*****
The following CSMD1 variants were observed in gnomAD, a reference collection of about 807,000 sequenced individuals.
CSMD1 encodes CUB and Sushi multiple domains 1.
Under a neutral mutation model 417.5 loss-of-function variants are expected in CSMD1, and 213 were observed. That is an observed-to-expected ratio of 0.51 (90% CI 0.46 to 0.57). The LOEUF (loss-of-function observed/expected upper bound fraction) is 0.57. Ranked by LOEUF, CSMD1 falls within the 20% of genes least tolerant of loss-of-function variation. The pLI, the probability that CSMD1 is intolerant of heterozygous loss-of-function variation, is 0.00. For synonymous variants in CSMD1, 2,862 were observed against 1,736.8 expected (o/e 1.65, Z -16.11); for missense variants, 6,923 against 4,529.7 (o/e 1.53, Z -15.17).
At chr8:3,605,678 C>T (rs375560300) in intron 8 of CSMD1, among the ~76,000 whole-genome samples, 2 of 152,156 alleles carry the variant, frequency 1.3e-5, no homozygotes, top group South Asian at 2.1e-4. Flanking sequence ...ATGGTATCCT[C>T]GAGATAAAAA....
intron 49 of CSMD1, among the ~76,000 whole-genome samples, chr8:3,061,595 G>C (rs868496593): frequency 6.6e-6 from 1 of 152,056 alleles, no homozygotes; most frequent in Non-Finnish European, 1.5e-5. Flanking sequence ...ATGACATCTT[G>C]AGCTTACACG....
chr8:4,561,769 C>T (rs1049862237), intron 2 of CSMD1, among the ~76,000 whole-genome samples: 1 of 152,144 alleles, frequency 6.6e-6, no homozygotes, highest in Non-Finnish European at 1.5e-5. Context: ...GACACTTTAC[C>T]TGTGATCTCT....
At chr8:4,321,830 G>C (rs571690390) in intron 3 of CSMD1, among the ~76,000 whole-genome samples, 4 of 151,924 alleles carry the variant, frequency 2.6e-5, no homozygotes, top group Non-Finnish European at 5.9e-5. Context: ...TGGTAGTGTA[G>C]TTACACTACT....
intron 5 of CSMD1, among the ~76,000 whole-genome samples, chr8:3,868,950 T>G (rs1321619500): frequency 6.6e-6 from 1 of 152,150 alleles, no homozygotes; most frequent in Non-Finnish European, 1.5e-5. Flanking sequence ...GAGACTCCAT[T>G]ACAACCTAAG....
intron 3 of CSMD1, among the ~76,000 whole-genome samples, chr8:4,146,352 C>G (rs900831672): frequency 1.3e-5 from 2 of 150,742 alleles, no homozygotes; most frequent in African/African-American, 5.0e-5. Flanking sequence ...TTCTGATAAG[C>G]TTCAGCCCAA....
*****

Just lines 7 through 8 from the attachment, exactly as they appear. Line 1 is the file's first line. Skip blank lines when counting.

At chr8:4,321,830 G>C (rs571690390) in intron 3 of CSMD1, among the ~76,000 whole-genome samples, 4 of 151,924 alleles carry the variant, frequency 2.6e-5, no homozygotes, top group Non-Finnish European at 5.9e-5. Context: ...TGGTAGTGTA[G>C]TTACACTACT....
intron 5 of CSMD1, among the ~76,000 whole-genome samples, chr8:3,868,950 T>G (rs1321619500): frequency 6.6e-6 from 1 of 152,150 alleles, no homozygotes; most frequent in Non-Finnish European, 1.5e-5. Flanking sequence ...GAGACTCCAT[T>G]ACAACCTAAG....